Interviewing Jack Black is like trying to get a sweet but hyperactive child to settle down and be serious: next to impossible, but rather enjoyable once you give in to the chaos.
The actor has spent most of his career as a funnyman, with comedies such as School Of Rock (2003) and the animated Kung Fu Panda franchise (2008-2011) among his biggest hits.
He gets a rare opportunity to explore his dark side with the new horror movie Goosebumps, in which he plays a children's author tormented by the supernatural characters in his books.
If a hurricane really started to happen right now... I would probably run out of here and save myself before I saved you. Which really sucks.
ACTOR JACK BLACK who says he can be a coward
The film opens in Singapore tomorrow.
Black does not often stray from his bread and butter, however, and it is easy to see why as the 46- year-old promotes his new movie at a press event in Cancun, Mexico, where his silly jokes manage to both charm and frustrate every journalist he speaks to.
But the star says he has dark moments like everyone else and tells Life he is not above experiencing the occasional bout of professional jealousy either.
Still, getting him to answer any question is proving especially difficult today because of the monster storm brewing outside.
"I hope they don't cancel the party," he says, ignoring the first question. "You going? Yeah, let's party - tequila!"
When his attention finally returns to the interview, he says he fully embraced the dark comedy of Goosebumps, in which the creatures from the stories of
R.L. Stine come to life and terrorise him.
"This felt very natural to me. Maybe it's because I've entered a dark period of my life," he says.
"I'm able to play characters with a little more depth, a little more darkness."
The movie cheekily implies that there is a feud between Stine, who has been dubbed "the Stephen King of children's literature", and King himself.
Asked if he too has a mortal enemy, Black feigns outrage.
"I will never tell you my professional nemesis! If I told you, then they would win. They'd go, 'Ah, see, he says I'm better than him, basically.'"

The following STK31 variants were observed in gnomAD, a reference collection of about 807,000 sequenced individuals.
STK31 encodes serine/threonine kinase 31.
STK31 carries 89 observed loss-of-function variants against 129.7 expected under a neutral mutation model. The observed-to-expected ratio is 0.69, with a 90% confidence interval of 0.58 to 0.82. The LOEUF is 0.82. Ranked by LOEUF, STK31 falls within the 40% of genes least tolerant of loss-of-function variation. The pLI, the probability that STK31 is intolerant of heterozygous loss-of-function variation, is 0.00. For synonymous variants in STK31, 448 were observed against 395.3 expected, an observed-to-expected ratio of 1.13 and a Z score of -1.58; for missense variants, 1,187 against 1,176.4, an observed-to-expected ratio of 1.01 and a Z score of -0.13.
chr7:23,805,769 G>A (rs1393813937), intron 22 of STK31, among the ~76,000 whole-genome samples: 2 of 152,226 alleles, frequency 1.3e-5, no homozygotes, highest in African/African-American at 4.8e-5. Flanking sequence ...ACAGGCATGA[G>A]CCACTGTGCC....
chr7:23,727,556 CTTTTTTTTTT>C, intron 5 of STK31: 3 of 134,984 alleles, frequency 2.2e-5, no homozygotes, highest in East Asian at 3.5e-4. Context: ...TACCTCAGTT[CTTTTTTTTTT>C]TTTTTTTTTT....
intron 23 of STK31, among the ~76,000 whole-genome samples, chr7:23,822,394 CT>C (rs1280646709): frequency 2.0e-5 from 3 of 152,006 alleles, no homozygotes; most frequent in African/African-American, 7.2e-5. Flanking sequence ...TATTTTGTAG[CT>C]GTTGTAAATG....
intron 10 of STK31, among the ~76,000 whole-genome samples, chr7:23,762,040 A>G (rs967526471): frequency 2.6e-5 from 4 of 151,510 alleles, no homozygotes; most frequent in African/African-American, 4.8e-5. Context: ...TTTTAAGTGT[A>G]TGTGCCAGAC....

But, yes, he concedes that "of course there's someone - there's always someone".
Black also admits that he can be a coward when it comes to not just about movie scares, but also real ones. "I do get scared easily, unfortunately, of anything where there's danger.
"Like if a hurricane really started to happen right now, I would be the first one out of this room. My adrenaline kicks in and it doesn't, unfortunately, translate into heroic behaviour.
"I would probably run out of here and save myself before I saved you. Which really sucks. But I know myself. I wish I could say it would be different."
He is less lily-livered now that he is a father though.
"Yes, I'd definitely take a bullet for my boys," he says of Sammy, nine, and Tom, seven, his children with cellist and singer Tanya Haden, 44. "I'd like to think maybe I've grown up a bit and now I can be a hero."
Having children has shaped his career choices - witness the growing list of family-friendly films Black has done, which includes School Of Rock and animated hits such as Ice Age (2002).
"I watch them, I see what they're interested in, what movies they like and what video games, books, stories and TV shows, and it influences me. It keeps me in touch with the kids today, so it's helpful."
Comedies and kiddy films aside, the actor would jump at the chance to explore other genres - which he has done with movies such as King Kong (2005) and The Brink, a political satire that debuted on television this year.
His lead role as an assistant funeral director charged with murder in director Richard Linklater's indie black comedy Bernie (2011), which earned him high praise from critics, was one
of the most fulfilling of his career, he says, adding that he wished more parts like this would come his way.
"I had a great experience on Bernie. I love the process of doing a movie in four weeks. It's kind of great because you work your a** off.
"If Rick Linklater calls me, or if Spike Jonze or Quentin Tarantino or anyone of that calibre calls me, I'm going to do whatever they say.
"It wouldn't even really matter if it wasn't a good part. I would just jump at the chance, mainly just to watch great artists do their thing and be in proximity because you might learn something. But those are rare opportunities."
When it comes to comedy, one of Black's biggest sources of inspiration are female comics, he says.
"This is kind of a golden age of women kicking a** in comedy in general. Amy Schumer is groundbreaking - she's kind of picking up where Sarah Silverman opened the door.
"And everytime I see her doing a new thing, it's like, holy c**p, this girl is taking the world by storm," he says, stopping to praise stars such as Amy Poehler and Melissa McCarthy too.
In fact, he is scathing of the move to do an all-male Ghostbusters remake in order to rival the one out next year starring McCarthy, in which all the ghostbusters will be played by women.
"I can't believe they're going forward with the dudes' Ghostbusters," he says of the project, which has been rumoured to be considering stars such as Channing Tatum for its cast.
"Why would they do that? I'm pro the girls taking over. After the girls' Ghostbusters was announced, for the dudes to then go, 'No, no, no, it's a man's world', it's so old-fashioned and sh***y."
•Goosebumps opens in Singapore tomorrow.